In this lesson we will take a closer look at the connection between prayer and our understanding of God’s Word.
Read the following passages and summarize what each one says about the importance of praying for the Holy Spirit’s guidance in Bible study:
John 16:13. What is the job of the Holy Spirit? (The Holy Spirit’s job is to guide us into truth.)
John 17:17. What is the truth? (God’s Word is the truth.) What, then, is the Holy Spirit’s role in Bible study? (The Spirit guides us into an understanding of Bible truth.)
1 Corinthians 2:9-12. What kinds of things does the Holy Spirit reveal to us as we study the Bible? (The Holy Spirit reveals things about God and the spiritual realities of life that we would never “see” or understand ourselves.)
1 Corinthians 2:13. What method does the Spirit use to guide us in our Bible study? (He leads us to compare “spiritual things with spiritual,” or verse with verse.)
1 Corinthians 2:14. How much hope do we have of understanding the Bible on our own? (None!)
Make a commitment to never open the Bible, whether for devotions or for deep study, without first praying for the Holy Spirit’s guidance.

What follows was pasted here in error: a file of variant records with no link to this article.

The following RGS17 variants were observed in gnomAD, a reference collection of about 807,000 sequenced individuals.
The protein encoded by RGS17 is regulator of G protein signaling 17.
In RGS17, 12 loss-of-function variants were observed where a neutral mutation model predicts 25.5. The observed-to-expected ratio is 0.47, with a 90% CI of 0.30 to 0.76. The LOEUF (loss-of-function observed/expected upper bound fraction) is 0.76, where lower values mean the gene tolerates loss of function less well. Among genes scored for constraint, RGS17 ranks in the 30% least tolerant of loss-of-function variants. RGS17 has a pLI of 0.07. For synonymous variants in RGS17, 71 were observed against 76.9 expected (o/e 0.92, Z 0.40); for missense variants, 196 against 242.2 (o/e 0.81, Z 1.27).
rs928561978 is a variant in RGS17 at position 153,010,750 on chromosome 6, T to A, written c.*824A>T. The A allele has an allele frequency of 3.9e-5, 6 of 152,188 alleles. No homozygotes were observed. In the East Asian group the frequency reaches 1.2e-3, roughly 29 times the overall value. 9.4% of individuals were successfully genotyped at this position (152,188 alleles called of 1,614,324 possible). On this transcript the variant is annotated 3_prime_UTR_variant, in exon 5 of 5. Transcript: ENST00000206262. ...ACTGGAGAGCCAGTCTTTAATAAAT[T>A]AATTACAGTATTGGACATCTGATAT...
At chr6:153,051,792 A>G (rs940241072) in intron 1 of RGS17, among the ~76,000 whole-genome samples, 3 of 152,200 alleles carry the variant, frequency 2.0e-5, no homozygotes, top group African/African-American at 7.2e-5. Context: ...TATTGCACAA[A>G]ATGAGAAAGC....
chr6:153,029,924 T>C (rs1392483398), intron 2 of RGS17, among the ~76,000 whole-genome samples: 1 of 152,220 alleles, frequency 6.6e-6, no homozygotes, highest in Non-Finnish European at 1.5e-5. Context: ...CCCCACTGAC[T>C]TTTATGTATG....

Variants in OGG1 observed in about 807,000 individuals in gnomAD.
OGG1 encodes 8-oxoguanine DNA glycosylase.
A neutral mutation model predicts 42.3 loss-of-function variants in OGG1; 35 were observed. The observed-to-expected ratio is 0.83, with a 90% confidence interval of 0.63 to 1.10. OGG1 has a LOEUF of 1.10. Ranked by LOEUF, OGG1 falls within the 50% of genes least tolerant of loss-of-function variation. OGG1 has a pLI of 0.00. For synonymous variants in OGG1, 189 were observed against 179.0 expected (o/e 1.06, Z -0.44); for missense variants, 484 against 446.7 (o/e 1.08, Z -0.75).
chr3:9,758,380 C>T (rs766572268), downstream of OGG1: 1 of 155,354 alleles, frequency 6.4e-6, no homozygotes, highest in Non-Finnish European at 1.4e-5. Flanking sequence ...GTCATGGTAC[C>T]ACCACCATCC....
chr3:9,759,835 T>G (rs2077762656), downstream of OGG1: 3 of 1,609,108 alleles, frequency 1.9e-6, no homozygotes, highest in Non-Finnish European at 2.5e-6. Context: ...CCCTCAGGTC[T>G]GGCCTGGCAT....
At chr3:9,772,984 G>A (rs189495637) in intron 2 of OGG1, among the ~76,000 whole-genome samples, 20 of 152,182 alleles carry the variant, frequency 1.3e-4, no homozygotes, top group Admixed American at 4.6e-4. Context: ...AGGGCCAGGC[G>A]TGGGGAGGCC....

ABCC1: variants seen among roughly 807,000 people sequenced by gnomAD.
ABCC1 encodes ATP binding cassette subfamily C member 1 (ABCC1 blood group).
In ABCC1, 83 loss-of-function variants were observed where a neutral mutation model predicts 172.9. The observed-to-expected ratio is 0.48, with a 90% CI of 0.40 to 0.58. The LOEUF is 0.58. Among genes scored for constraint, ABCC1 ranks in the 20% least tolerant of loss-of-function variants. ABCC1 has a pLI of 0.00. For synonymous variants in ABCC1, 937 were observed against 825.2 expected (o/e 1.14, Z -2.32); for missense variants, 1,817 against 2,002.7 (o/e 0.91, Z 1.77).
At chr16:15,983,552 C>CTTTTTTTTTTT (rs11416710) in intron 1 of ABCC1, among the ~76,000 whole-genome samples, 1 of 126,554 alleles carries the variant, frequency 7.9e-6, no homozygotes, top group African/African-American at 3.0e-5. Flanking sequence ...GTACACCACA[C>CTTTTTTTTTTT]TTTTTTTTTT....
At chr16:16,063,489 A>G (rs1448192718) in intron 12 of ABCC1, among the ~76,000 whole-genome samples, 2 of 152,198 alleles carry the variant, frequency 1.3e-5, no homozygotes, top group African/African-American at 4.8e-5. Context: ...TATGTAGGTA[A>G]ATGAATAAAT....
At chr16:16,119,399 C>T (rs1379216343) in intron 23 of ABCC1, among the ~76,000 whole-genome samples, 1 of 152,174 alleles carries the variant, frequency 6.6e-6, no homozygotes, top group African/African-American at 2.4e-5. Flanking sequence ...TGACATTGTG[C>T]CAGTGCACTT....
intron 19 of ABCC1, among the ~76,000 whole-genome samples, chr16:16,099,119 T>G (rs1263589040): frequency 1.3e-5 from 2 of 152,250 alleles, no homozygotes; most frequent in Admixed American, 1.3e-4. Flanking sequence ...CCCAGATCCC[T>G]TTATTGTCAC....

Make a commitment to pray every day for the outpouring of the Holy Spirit.
In what ways has God helped you understand His Word better since you first became a Christian?
In what way(s) was your spiritual growth connected with Bible study and prayer?
Has the Holy Spirit ever helped you specifically understand a passage of Scripture better? What was the Scripture and how did it happen?
Although we will look at many keys for effective Bible study in the course of these lessons, there is one principle that must never be lost sight of. That key is to place Jesus Christ in the center of your study. Jesus said in John 10:9, “I am the door: by me if any man enter in, he shall be saved, and shall go in and out, and find pasture.” Not only is Jesus the door to salvation, He is also the door to understanding Scripture. As we will discover in these lessons, His parables, prophecies, prayers, illustrations, and His life reveal powerful tools for interpreting and understanding the Word of God.
This doesn’t mean that every single story or prophecy studied must explicitly link to Jesus, but it does mean that everything studied and every conclusion reached should be placed within the context of the plan of salvation that centers in Christ and His ministry for us. Without this constant focus, Bible study will quickly become boring, theoretical, burdensome, ineffective, occasional, frustrating, or even spiritually dangerous.